The American Cancer Society (ACS) recently announced their “updated” 2010 guidelines for prostate cancer screening in men.1 Once again, with the announcement of these guidelines, there were countless articles and opinion pieces on the controversy over screening, detection and treatment of the most common solid tumor in men.
The centerpiece of this latest ACS prostate cancer article was the concept of “shared decision making” whereby the patients and the provider discuss the relative risks and benefits of screening. The authors reaffirmed this core concept that the American Cancer Society had noted in their 2001 prostate cancer screening guidelines.
The 2010 ACS discussion of shared decision making is not a new or unique idea. The American Medical Association Council on Scientific Affairs reviewed the medical/scientific literature on the topic of prostate cancer screening in June 2000. The AMA reported that as far back as the 1990’s organizations such as the American College of Radiology, the American College of Physicians, and the American College of Preventive Medicine endorsed the concept of informed discussions with the patient or listening to the patient’s concerns and then individualizing the decision.
While not perfect, the PSA blood test represents our most powerful resource in the early detection of prostate cancer. The Prostate Cancer Prevention Trial demonstrated that there is no lower level of PSA that absolutely predicts the presence or absence of prostate cancer. Growing data suggests that PSA increases, especially in younger men, suggests an increased prostate cancer risk. Until a better test comes along, experiences gained from clinical trials and large institutional series are teaching us how best to use PSA in screening and biopsy decisions.
Last year, the American Urological Association who also affirmed the need for shared decision making, took a bold step in recommending a baseline PSA determination at age 40. The principle is to identify those men who should be screened more frequently and may identify men who harbor lethal prostate cancer. Early detection through PSA testing may reduce the mortality from the disease and PSA based screening is often cited one of the reasons for the observed fall in prostate cancer mortality in the US. The concept that PSA testing can reduce the likelihood of dying from prostate cancer but at the risk of over treatment of some men is acknowledged by many groups including the ACS in their 2010 guidelines.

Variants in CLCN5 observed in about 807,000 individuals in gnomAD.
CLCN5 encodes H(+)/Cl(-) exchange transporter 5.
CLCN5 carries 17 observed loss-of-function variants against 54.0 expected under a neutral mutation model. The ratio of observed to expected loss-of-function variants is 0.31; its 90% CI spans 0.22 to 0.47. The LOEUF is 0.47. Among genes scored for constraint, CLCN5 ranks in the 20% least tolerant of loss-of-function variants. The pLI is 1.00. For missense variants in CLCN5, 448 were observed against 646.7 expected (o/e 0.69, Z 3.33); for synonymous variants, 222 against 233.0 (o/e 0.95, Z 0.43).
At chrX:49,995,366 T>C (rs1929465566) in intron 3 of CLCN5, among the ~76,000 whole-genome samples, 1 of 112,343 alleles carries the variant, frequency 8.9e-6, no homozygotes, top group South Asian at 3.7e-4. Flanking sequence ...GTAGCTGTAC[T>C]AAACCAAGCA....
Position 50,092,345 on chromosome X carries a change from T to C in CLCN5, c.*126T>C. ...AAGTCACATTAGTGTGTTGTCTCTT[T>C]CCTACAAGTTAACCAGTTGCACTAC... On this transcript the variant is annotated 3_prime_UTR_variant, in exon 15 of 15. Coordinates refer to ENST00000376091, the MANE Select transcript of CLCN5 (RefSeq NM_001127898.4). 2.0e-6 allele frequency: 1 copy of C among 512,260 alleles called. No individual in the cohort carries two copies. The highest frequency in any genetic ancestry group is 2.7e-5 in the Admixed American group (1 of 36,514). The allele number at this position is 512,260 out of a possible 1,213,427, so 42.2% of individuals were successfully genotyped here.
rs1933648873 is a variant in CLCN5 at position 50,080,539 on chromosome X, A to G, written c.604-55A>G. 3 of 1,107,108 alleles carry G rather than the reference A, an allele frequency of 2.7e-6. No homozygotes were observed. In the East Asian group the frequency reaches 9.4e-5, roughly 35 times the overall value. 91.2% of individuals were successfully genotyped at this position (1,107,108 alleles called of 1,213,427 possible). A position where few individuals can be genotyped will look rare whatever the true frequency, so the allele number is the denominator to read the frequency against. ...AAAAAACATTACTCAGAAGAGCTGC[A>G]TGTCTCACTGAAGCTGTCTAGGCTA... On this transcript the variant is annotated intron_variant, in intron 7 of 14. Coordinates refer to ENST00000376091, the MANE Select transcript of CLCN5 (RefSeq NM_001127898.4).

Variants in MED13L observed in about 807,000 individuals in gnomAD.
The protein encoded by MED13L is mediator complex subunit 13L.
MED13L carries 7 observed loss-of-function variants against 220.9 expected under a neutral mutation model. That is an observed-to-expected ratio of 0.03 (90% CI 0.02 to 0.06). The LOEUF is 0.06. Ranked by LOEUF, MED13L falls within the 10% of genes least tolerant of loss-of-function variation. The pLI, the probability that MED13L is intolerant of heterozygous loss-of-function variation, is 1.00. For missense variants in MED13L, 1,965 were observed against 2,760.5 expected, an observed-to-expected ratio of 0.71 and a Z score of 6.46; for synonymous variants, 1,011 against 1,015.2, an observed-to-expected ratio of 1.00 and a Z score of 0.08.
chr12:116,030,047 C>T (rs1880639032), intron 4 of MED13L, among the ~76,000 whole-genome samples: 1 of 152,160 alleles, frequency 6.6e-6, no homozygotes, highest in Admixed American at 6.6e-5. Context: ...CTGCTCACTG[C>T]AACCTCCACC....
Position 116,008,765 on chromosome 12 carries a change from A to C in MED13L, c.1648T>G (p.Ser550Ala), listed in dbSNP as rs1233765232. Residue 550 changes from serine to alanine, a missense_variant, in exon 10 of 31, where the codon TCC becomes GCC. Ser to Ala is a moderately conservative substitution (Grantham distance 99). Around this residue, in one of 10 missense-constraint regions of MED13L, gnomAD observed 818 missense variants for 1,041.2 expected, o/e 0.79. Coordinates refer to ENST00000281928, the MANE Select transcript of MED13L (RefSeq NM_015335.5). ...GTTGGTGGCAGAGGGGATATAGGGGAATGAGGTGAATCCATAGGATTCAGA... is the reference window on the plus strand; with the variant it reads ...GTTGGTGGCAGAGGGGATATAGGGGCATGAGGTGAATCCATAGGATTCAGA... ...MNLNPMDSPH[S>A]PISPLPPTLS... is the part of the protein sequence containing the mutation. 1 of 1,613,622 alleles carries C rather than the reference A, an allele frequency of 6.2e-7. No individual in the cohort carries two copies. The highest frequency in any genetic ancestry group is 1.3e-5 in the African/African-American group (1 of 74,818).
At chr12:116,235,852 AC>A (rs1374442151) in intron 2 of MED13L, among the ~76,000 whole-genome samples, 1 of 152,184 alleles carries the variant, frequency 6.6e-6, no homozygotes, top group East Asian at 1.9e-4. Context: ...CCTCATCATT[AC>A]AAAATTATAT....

A controversial issue is that screening may lead to over diagnosis and over treatment of clinically insignificant cancer that will never cause any harm. A more sinister and poorly documented issue in the medical literature is the threat of malpractice. Providers on the front lines are at risk for “failure to diagnose” prostate cancer by not promoting screening. Both of these concepts are dependent on the quality of the patient physician relationship. Patients must realize if screening leads to the diagnosis of prostate cancer, treatment may not be recommended. If the patients elects treatment, the disease may or may not be cured or the patient may suffer treatment related side effects. A reluctance on the part of the patient or his physician not to screen can result in the “failure to diagnose” debacle. The burden here seems to be shared by both the patient and the physician who can each suffer unique risks when venturing into the unsettled area of prostate cancer screening.
According to one popular definition, the term “reloaded” means “to refresh a copy of a program in memory”. The American Cancer Society has “reloaded” the topic of prostate cancer screening. They have refreshed our memory that a discussion between the patient and provider about the risks and benefits must be a part of the prostate cancer screening decision.
1. Wolf AM, Wender RC, Etzioni RB, Thompson IM, D’Amico AV, Volk RJ, Brooks DD, Dash C, Guessous I, Andrews K, DeSantis C, Smith RA; American Cancer Society Prostate Cancer Advisory Committee. American Cancer Society guideline for the early detection of prostate cancer: update 2010. CA Cancer J Clin 2010;60(2):70-98.
© The Canadian Journal of Urology™; 17(2); April 2010